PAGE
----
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Radical Gratitude

Gratitude is well known to make us a little happier. But I wonder if we underestimate this ancient and profound practice, and just how much it can do for us.

In modern life, it’s easy to disconnect from appreciation of the so-called ‘simple’ things in life. We live in very uncertain times, and each day is a gift. Do we live each day as if that was true?

Gratitude is a way of acknowledging the gifts we constantly receive, even (and perhaps especially) when they are not material objects.

Here are a few ways that I invite gratitude to be an integral part of my day.

1. A Reframing Tool

We all have those days – when there’s something on the To Do list that we really don’t want to. But from a perspective of radical gratitude, ‘I have to…’ becomes ‘I get to... When I’m facing something I feel less-than-enthused about, this view can help to reframe it from being an unpleasant drag into something I’m lucky that I get to do.

In the western world, we tend to view things through a lens of privilege and familiarity, but in some parts of the world, it would be considered a huge blessing to get to wash dishes in hot water, or use washing machines and hoovers, or send an email, or have paid work.

You don’t have to wait to the end of the day to reflect on gratitude. You can check in with yourself at the start of the day by noticing: ‘today, I get to…’ (and fill in the blank). You might uncover something you take for granted, or re-frame a difficulty into an opportunity.

2. Meditating, without ‘meditating’

In some traditions, the ultimate point of meditation is to realise the truth of interconnection. Living with radical gratitude can be an ongoing meditation on this truth: a constant appreciation of everyone and everything that makes our own life possible.

Take food (a classic example of this), and consider the soil, sun, rain, farmers, shop workers etc that all play a part in putting sustenance in our mouths. We can make this a conscious practice, whenever we remember. A useful reminder is any time we’re enjoying something.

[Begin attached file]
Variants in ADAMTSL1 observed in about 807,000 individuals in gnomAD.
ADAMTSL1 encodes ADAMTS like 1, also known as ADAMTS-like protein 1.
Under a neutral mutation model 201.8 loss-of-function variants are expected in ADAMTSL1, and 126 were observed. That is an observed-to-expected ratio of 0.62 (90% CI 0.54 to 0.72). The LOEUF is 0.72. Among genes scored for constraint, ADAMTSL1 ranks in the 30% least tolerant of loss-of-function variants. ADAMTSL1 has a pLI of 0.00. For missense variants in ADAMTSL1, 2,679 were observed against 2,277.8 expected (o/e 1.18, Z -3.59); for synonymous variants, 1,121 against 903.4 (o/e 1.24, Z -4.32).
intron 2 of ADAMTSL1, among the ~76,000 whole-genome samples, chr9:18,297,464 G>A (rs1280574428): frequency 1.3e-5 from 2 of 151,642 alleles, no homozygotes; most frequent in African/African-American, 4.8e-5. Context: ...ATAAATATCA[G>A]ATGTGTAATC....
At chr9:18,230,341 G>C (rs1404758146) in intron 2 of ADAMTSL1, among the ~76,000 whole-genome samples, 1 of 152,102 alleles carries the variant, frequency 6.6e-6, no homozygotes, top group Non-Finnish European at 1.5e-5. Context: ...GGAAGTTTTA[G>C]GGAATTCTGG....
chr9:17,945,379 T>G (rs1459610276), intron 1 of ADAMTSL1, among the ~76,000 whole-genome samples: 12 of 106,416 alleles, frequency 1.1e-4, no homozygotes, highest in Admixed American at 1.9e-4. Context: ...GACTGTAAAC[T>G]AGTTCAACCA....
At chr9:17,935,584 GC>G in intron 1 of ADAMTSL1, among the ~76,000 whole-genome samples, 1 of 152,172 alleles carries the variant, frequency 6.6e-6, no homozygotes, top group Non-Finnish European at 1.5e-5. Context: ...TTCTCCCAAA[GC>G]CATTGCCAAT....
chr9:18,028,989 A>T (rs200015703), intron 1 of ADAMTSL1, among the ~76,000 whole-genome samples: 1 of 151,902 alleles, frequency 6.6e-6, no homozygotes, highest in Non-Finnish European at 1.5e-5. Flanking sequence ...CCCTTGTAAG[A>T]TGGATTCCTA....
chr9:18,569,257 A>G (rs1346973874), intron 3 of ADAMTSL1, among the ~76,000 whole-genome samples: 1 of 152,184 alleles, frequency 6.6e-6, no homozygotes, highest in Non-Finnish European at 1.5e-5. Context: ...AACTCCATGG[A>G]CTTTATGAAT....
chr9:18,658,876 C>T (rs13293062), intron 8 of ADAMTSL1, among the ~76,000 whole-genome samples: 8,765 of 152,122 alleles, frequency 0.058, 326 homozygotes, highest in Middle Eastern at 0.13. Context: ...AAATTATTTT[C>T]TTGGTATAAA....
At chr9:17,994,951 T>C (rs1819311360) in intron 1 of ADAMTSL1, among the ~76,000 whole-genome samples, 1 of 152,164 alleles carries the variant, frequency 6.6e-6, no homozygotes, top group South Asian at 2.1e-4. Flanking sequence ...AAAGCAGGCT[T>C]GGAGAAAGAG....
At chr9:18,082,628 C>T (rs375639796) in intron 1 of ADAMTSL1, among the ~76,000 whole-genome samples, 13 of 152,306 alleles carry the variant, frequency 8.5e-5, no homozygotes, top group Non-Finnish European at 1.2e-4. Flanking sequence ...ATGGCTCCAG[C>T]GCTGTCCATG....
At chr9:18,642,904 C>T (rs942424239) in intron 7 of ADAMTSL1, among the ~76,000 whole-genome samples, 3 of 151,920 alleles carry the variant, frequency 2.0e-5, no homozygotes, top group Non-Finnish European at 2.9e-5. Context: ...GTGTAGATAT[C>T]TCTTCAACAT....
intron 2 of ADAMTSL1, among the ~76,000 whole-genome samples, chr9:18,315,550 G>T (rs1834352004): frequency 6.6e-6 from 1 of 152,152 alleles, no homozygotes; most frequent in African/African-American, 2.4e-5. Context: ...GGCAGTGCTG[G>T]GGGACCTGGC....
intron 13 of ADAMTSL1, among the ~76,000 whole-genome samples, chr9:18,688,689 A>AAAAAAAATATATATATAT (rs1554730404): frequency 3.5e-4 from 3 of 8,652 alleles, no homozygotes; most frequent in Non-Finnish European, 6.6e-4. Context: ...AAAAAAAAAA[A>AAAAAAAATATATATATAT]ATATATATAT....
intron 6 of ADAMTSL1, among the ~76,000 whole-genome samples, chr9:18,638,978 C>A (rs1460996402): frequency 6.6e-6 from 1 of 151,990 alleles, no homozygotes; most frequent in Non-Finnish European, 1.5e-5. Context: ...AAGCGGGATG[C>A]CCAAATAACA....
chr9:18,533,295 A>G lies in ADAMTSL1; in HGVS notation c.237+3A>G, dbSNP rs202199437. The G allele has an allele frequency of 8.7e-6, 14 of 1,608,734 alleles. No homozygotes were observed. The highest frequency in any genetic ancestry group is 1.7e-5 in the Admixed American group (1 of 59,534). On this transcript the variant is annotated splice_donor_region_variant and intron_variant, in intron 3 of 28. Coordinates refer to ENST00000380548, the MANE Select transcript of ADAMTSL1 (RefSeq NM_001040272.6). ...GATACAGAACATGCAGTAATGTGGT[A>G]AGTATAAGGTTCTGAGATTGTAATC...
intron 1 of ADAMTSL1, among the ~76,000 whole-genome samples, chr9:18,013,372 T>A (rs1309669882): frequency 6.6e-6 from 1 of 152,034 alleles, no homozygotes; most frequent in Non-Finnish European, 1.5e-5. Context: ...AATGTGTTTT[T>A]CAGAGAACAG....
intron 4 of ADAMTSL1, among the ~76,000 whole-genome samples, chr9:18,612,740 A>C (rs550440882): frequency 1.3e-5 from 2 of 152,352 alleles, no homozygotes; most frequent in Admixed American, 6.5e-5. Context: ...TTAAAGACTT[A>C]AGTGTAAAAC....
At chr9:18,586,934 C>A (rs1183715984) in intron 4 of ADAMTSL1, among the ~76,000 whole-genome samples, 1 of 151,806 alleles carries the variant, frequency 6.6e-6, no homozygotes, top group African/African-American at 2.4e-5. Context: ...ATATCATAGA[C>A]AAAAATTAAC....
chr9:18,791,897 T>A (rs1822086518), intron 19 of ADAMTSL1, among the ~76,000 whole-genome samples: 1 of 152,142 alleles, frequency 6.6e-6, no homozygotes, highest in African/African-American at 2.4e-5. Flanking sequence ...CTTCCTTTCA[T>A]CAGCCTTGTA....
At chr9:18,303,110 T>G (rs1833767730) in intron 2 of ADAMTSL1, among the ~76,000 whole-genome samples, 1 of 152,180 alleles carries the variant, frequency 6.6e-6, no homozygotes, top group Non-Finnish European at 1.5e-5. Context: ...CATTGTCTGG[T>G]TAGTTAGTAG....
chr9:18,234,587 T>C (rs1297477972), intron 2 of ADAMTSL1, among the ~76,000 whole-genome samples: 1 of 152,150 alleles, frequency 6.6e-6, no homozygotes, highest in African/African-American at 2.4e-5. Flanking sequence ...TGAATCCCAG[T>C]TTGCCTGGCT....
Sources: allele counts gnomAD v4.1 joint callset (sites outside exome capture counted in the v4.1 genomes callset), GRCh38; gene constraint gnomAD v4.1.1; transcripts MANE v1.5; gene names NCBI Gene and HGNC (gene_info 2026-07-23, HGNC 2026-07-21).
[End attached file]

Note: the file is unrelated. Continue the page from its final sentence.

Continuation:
Another way I practice this is to bring appreciative awareness to how the four elements support everyday experiences. For example:

– Fire element when I’m cooking

– Water element when I’m washing dishes

– Earth element when I’m doing lying-down meditation

– Air element whenever I bring awareness to my breath

3. Finding Magic In The Mundane

You may have heard of the literary technique of defamiliarisation – it’s when an author writes about familiar experiences as if we’d never encountered them before. In mindfulness, this freshness is called ‘beginners mind’. It’s a setting-aside of what you think you know, and experiencing something more directly, without preconceptions or the dulling of familiarity.

I like to imagine what ancient people would make of my own daily life. Think how magical it would seem to have your own personal source of water (taps) and instant fire (kettle, cooker, heating).

From the position of radical gratitude, I sometimes find myself feeling ridiculously appreciative of an item in my house – a rug, a sofa or curtains – for what that object does for me, completely thanklessly. This is expressed better in Pat Schneider’s poem The Patience Of Ordinary Things

Additional Resources

For more on interconnection, books about mindfulness by Thich Nhat Hahn may be of interest.

If you’re interested in learning more about working with the elements, check out my series of reflections.

A guided meditation related to this theme is ‘Finding The Positive’, which can be found in my Short Meditations

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